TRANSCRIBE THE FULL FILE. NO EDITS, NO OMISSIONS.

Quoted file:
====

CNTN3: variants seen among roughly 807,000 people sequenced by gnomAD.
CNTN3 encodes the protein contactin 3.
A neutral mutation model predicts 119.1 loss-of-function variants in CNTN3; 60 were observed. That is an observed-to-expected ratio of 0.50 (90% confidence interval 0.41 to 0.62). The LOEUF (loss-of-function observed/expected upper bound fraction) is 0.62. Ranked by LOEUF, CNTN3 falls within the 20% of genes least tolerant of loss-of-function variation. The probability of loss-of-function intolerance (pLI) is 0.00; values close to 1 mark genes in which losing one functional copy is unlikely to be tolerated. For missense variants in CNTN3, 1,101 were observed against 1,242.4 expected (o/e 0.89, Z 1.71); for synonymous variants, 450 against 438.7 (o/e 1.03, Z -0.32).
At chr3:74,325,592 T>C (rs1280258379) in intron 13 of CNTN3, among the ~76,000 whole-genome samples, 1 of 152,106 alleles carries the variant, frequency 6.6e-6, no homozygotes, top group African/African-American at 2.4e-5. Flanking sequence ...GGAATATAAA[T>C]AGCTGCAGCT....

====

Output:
CNTN3: variants seen among roughly 807,000 people sequenced by gnomAD.
CNTN3 encodes the protein contactin 3.
A neutral mutation model predicts 119.1 loss-of-function variants in CNTN3; 60 were observed. That is an observed-to-expected ratio of 0.50 (90% confidence interval 0.41 to 0.62). The LOEUF (loss-of-function observed/expected upper bound fraction) is 0.62. Ranked by LOEUF, CNTN3 falls within the 20% of genes least tolerant of loss-of-function variation. The probability of loss-of-function intolerance (pLI) is 0.00; values close to 1 mark genes in which losing one functional copy is unlikely to be tolerated. For missense variants in CNTN3, 1,101 were observed against 1,242.4 expected (o/e 0.89, Z 1.71); for synonymous variants, 450 against 438.7 (o/e 1.03, Z -0.32).
At chr3:74,325,592 T>C (rs1280258379) in intron 13 of CNTN3, among the ~76,000 whole-genome samples, 1 of 152,106 alleles carries the variant, frequency 6.6e-6, no homozygotes, top group African/African-American at 2.4e-5. Flanking sequence ...GGAATATAAA[T>C]AGCTGCAGCT....